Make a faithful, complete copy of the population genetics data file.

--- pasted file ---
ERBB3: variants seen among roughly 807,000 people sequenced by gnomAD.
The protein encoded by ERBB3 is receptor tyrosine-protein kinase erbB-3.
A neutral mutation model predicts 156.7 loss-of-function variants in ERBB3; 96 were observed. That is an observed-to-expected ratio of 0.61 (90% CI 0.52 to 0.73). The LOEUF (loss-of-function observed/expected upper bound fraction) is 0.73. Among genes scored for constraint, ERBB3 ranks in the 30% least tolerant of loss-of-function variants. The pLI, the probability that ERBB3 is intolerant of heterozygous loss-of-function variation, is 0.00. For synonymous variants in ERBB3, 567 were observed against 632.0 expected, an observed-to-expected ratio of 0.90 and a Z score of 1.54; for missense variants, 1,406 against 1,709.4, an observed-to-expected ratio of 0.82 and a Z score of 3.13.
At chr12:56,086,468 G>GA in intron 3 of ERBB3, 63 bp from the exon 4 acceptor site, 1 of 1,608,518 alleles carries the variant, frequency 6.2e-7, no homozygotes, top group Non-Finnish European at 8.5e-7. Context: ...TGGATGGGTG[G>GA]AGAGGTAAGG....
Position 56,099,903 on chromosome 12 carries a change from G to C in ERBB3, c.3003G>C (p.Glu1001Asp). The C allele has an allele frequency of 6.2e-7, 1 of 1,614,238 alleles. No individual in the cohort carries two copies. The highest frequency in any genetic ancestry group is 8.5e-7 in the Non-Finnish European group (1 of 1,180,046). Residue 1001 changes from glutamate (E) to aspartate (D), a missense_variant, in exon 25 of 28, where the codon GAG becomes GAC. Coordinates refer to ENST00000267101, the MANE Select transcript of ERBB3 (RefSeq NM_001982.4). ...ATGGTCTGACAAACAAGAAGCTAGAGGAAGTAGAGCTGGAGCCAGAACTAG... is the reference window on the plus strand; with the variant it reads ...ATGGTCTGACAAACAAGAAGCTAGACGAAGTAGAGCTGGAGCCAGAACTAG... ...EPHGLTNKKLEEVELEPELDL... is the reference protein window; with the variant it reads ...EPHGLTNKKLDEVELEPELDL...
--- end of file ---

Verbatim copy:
ERBB3: variants seen among roughly 807,000 people sequenced by gnomAD.
The protein encoded by ERBB3 is receptor tyrosine-protein kinase erbB-3.
A neutral mutation model predicts 156.7 loss-of-function variants in ERBB3; 96 were observed. That is an observed-to-expected ratio of 0.61 (90% CI 0.52 to 0.73). The LOEUF (loss-of-function observed/expected upper bound fraction) is 0.73. Among genes scored for constraint, ERBB3 ranks in the 30% least tolerant of loss-of-function variants. The pLI, the probability that ERBB3 is intolerant of heterozygous loss-of-function variation, is 0.00. For synonymous variants in ERBB3, 567 were observed against 632.0 expected, an observed-to-expected ratio of 0.90 and a Z score of 1.54; for missense variants, 1,406 against 1,709.4, an observed-to-expected ratio of 0.82 and a Z score of 3.13.
At chr12:56,086,468 G>GA in intron 3 of ERBB3, 63 bp from the exon 4 acceptor site, 1 of 1,608,518 alleles carries the variant, frequency 6.2e-7, no homozygotes, top group Non-Finnish European at 8.5e-7. Context: ...TGGATGGGTG[G>GA]AGAGGTAAGG....
Position 56,099,903 on chromosome 12 carries a change from G to C in ERBB3, c.3003G>C (p.Glu1001Asp). The C allele has an allele frequency of 6.2e-7, 1 of 1,614,238 alleles. No individual in the cohort carries two copies. The highest frequency in any genetic ancestry group is 8.5e-7 in the Non-Finnish European group (1 of 1,180,046). Residue 1001 changes from glutamate (E) to aspartate (D), a missense_variant, in exon 25 of 28, where the codon GAG becomes GAC. Coordinates refer to ENST00000267101, the MANE Select transcript of ERBB3 (RefSeq NM_001982.4). ...ATGGTCTGACAAACAAGAAGCTAGAGGAAGTAGAGCTGGAGCCAGAACTAG... is the reference window on the plus strand; with the variant it reads ...ATGGTCTGACAAACAAGAAGCTAGACGAAGTAGAGCTGGAGCCAGAACTAG... ...EPHGLTNKKLEEVELEPELDL... is the reference protein window; with the variant it reads ...EPHGLTNKKLDEVELEPELDL...